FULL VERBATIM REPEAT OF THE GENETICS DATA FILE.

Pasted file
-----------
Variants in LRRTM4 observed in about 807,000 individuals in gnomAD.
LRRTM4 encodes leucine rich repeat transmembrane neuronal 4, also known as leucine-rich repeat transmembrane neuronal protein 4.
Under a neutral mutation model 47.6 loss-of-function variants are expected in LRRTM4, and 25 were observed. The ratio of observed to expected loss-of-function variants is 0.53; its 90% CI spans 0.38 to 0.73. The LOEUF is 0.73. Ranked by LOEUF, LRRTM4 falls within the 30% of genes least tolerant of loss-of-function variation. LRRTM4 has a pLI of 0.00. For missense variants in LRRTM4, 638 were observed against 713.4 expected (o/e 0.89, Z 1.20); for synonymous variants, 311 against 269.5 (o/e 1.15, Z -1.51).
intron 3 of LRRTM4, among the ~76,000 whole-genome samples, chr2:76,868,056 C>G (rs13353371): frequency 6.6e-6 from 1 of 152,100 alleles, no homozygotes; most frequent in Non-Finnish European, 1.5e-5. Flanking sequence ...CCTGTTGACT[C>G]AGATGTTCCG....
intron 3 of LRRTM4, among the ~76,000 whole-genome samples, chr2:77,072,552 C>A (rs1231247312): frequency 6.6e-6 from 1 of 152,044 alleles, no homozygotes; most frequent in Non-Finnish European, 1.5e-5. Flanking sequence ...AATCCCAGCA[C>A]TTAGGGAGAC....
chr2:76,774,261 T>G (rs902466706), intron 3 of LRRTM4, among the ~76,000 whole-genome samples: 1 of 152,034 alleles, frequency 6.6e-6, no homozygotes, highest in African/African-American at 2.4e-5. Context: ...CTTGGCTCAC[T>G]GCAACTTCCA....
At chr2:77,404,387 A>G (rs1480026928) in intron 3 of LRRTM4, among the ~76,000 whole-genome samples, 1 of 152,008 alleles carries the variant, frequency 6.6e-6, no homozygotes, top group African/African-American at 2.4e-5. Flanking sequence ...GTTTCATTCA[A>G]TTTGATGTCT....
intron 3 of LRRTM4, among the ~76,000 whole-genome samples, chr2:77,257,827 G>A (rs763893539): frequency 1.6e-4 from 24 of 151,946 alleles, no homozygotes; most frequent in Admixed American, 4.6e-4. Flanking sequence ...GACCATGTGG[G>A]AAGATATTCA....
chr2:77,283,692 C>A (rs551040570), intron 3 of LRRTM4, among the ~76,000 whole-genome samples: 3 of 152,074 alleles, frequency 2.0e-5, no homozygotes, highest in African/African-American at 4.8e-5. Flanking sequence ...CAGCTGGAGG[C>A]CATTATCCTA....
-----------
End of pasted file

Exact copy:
Variants in LRRTM4 observed in about 807,000 individuals in gnomAD.
LRRTM4 encodes leucine rich repeat transmembrane neuronal 4, also known as leucine-rich repeat transmembrane neuronal protein 4.
Under a neutral mutation model 47.6 loss-of-function variants are expected in LRRTM4, and 25 were observed. The ratio of observed to expected loss-of-function variants is 0.53; its 90% CI spans 0.38 to 0.73. The LOEUF is 0.73. Ranked by LOEUF, LRRTM4 falls within the 30% of genes least tolerant of loss-of-function variation. LRRTM4 has a pLI of 0.00. For missense variants in LRRTM4, 638 were observed against 713.4 expected (o/e 0.89, Z 1.20); for synonymous variants, 311 against 269.5 (o/e 1.15, Z -1.51).
intron 3 of LRRTM4, among the ~76,000 whole-genome samples, chr2:76,868,056 C>G (rs13353371): frequency 6.6e-6 from 1 of 152,100 alleles, no homozygotes; most frequent in Non-Finnish European, 1.5e-5. Flanking sequence ...CCTGTTGACT[C>G]AGATGTTCCG....
intron 3 of LRRTM4, among the ~76,000 whole-genome samples, chr2:77,072,552 C>A (rs1231247312): frequency 6.6e-6 from 1 of 152,044 alleles, no homozygotes; most frequent in Non-Finnish European, 1.5e-5. Flanking sequence ...AATCCCAGCA[C>A]TTAGGGAGAC....
chr2:76,774,261 T>G (rs902466706), intron 3 of LRRTM4, among the ~76,000 whole-genome samples: 1 of 152,034 alleles, frequency 6.6e-6, no homozygotes, highest in African/African-American at 2.4e-5. Context: ...CTTGGCTCAC[T>G]GCAACTTCCA....
At chr2:77,404,387 A>G (rs1480026928) in intron 3 of LRRTM4, among the ~76,000 whole-genome samples, 1 of 152,008 alleles carries the variant, frequency 6.6e-6, no homozygotes, top group African/African-American at 2.4e-5. Flanking sequence ...GTTTCATTCA[A>G]TTTGATGTCT....
intron 3 of LRRTM4, among the ~76,000 whole-genome samples, chr2:77,257,827 G>A (rs763893539): frequency 1.6e-4 from 24 of 151,946 alleles, no homozygotes; most frequent in Admixed American, 4.6e-4. Flanking sequence ...GACCATGTGG[G>A]AAGATATTCA....
chr2:77,283,692 C>A (rs551040570), intron 3 of LRRTM4, among the ~76,000 whole-genome samples: 3 of 152,074 alleles, frequency 2.0e-5, no homozygotes, highest in African/African-American at 4.8e-5. Flanking sequence ...CAGCTGGAGG[C>A]CATTATCCTA....